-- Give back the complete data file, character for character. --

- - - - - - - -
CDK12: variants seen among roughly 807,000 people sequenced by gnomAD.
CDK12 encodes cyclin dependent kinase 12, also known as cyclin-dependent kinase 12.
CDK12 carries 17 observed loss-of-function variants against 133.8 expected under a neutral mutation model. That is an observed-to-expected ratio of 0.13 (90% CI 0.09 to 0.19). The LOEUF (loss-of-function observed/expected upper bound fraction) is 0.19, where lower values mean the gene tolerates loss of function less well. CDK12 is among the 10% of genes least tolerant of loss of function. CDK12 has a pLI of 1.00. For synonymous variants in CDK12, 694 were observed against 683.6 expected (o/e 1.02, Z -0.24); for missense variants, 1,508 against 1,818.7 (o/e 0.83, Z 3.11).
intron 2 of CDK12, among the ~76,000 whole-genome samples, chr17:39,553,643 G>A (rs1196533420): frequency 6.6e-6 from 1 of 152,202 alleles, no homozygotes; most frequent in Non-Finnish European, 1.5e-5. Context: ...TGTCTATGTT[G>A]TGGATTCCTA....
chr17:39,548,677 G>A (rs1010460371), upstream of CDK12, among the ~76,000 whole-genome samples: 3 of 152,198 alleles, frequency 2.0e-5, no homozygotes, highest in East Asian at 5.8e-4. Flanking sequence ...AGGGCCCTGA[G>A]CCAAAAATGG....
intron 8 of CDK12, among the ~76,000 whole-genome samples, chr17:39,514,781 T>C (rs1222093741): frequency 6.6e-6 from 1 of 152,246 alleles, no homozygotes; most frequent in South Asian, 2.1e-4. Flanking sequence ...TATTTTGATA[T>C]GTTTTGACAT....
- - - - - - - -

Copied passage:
CDK12: variants seen among roughly 807,000 people sequenced by gnomAD.
CDK12 encodes cyclin dependent kinase 12, also known as cyclin-dependent kinase 12.
CDK12 carries 17 observed loss-of-function variants against 133.8 expected under a neutral mutation model. That is an observed-to-expected ratio of 0.13 (90% CI 0.09 to 0.19). The LOEUF (loss-of-function observed/expected upper bound fraction) is 0.19, where lower values mean the gene tolerates loss of function less well. CDK12 is among the 10% of genes least tolerant of loss of function. CDK12 has a pLI of 1.00. For synonymous variants in CDK12, 694 were observed against 683.6 expected (o/e 1.02, Z -0.24); for missense variants, 1,508 against 1,818.7 (o/e 0.83, Z 3.11).
intron 2 of CDK12, among the ~76,000 whole-genome samples, chr17:39,553,643 G>A (rs1196533420): frequency 6.6e-6 from 1 of 152,202 alleles, no homozygotes; most frequent in Non-Finnish European, 1.5e-5. Context: ...TGTCTATGTT[G>A]TGGATTCCTA....
chr17:39,548,677 G>A (rs1010460371), upstream of CDK12, among the ~76,000 whole-genome samples: 3 of 152,198 alleles, frequency 2.0e-5, no homozygotes, highest in East Asian at 5.8e-4. Flanking sequence ...AGGGCCCTGA[G>A]CCAAAAATGG....
intron 8 of CDK12, among the ~76,000 whole-genome samples, chr17:39,514,781 T>C (rs1222093741): frequency 6.6e-6 from 1 of 152,246 alleles, no homozygotes; most frequent in South Asian, 2.1e-4. Flanking sequence ...TATTTTGATA[T>C]GTTTTGACAT....